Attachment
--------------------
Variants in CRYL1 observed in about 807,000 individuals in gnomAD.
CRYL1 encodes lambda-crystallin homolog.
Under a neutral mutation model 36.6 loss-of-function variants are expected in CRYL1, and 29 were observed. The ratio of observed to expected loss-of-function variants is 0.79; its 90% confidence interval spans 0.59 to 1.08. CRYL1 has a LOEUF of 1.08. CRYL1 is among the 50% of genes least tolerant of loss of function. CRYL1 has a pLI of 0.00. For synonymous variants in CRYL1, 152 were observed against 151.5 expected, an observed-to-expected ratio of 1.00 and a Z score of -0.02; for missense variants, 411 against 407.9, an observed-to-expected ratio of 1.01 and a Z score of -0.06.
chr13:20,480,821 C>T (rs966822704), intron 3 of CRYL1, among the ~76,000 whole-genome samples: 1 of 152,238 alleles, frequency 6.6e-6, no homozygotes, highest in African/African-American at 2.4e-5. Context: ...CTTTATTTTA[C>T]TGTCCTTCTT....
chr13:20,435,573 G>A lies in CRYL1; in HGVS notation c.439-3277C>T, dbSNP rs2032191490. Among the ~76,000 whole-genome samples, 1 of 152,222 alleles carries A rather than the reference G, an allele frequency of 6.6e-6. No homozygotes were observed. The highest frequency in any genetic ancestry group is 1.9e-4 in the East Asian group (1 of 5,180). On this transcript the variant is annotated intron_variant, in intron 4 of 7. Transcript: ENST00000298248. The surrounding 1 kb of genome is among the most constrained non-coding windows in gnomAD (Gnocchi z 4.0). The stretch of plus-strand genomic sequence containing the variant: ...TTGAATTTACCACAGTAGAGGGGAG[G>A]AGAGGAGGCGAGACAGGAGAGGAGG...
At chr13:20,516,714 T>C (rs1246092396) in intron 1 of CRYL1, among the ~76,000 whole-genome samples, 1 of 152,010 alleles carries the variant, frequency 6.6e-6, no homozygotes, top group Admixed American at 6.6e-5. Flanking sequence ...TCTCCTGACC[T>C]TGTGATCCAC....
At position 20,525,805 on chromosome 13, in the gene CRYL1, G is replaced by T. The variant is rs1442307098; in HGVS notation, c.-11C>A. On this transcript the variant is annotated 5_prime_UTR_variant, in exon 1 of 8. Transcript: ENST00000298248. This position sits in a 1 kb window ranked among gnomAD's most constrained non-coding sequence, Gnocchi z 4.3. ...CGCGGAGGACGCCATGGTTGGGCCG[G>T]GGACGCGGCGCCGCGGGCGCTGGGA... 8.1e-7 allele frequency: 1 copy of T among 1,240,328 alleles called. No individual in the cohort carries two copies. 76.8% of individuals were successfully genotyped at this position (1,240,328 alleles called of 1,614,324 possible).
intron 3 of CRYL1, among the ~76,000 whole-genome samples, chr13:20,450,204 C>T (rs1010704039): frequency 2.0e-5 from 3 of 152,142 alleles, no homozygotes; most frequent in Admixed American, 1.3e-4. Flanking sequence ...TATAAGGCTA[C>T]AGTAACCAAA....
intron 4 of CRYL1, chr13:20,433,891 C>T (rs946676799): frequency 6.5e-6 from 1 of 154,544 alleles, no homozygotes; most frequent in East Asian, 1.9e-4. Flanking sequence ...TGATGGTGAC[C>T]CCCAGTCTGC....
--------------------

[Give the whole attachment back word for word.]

Variants in CRYL1 observed in about 807,000 individuals in gnomAD.
CRYL1 encodes lambda-crystallin homolog.
Under a neutral mutation model 36.6 loss-of-function variants are expected in CRYL1, and 29 were observed. The ratio of observed to expected loss-of-function variants is 0.79; its 90% confidence interval spans 0.59 to 1.08. CRYL1 has a LOEUF of 1.08. CRYL1 is among the 50% of genes least tolerant of loss of function. CRYL1 has a pLI of 0.00. For synonymous variants in CRYL1, 152 were observed against 151.5 expected, an observed-to-expected ratio of 1.00 and a Z score of -0.02; for missense variants, 411 against 407.9, an observed-to-expected ratio of 1.01 and a Z score of -0.06.
chr13:20,480,821 C>T (rs966822704), intron 3 of CRYL1, among the ~76,000 whole-genome samples: 1 of 152,238 alleles, frequency 6.6e-6, no homozygotes, highest in African/African-American at 2.4e-5. Context: ...CTTTATTTTA[C>T]TGTCCTTCTT....
chr13:20,435,573 G>A lies in CRYL1; in HGVS notation c.439-3277C>T, dbSNP rs2032191490. Among the ~76,000 whole-genome samples, 1 of 152,222 alleles carries A rather than the reference G, an allele frequency of 6.6e-6. No homozygotes were observed. The highest frequency in any genetic ancestry group is 1.9e-4 in the East Asian group (1 of 5,180). On this transcript the variant is annotated intron_variant, in intron 4 of 7. Transcript: ENST00000298248. The surrounding 1 kb of genome is among the most constrained non-coding windows in gnomAD (Gnocchi z 4.0). The stretch of plus-strand genomic sequence containing the variant: ...TTGAATTTACCACAGTAGAGGGGAG[G>A]AGAGGAGGCGAGACAGGAGAGGAGG...
At chr13:20,516,714 T>C (rs1246092396) in intron 1 of CRYL1, among the ~76,000 whole-genome samples, 1 of 152,010 alleles carries the variant, frequency 6.6e-6, no homozygotes, top group Admixed American at 6.6e-5. Flanking sequence ...TCTCCTGACC[T>C]TGTGATCCAC....
At position 20,525,805 on chromosome 13, in the gene CRYL1, G is replaced by T. The variant is rs1442307098; in HGVS notation, c.-11C>A. On this transcript the variant is annotated 5_prime_UTR_variant, in exon 1 of 8. Transcript: ENST00000298248. This position sits in a 1 kb window ranked among gnomAD's most constrained non-coding sequence, Gnocchi z 4.3. ...CGCGGAGGACGCCATGGTTGGGCCG[G>T]GGACGCGGCGCCGCGGGCGCTGGGA... 8.1e-7 allele frequency: 1 copy of T among 1,240,328 alleles called. No individual in the cohort carries two copies. 76.8% of individuals were successfully genotyped at this position (1,240,328 alleles called of 1,614,324 possible).
intron 3 of CRYL1, among the ~76,000 whole-genome samples, chr13:20,450,204 C>T (rs1010704039): frequency 2.0e-5 from 3 of 152,142 alleles, no homozygotes; most frequent in Admixed American, 1.3e-4. Flanking sequence ...TATAAGGCTA[C>T]AGTAACCAAA....
intron 4 of CRYL1, chr13:20,433,891 C>T (rs946676799): frequency 6.5e-6 from 1 of 154,544 alleles, no homozygotes; most frequent in East Asian, 1.9e-4. Flanking sequence ...TGATGGTGAC[C>T]CCCAGTCTGC....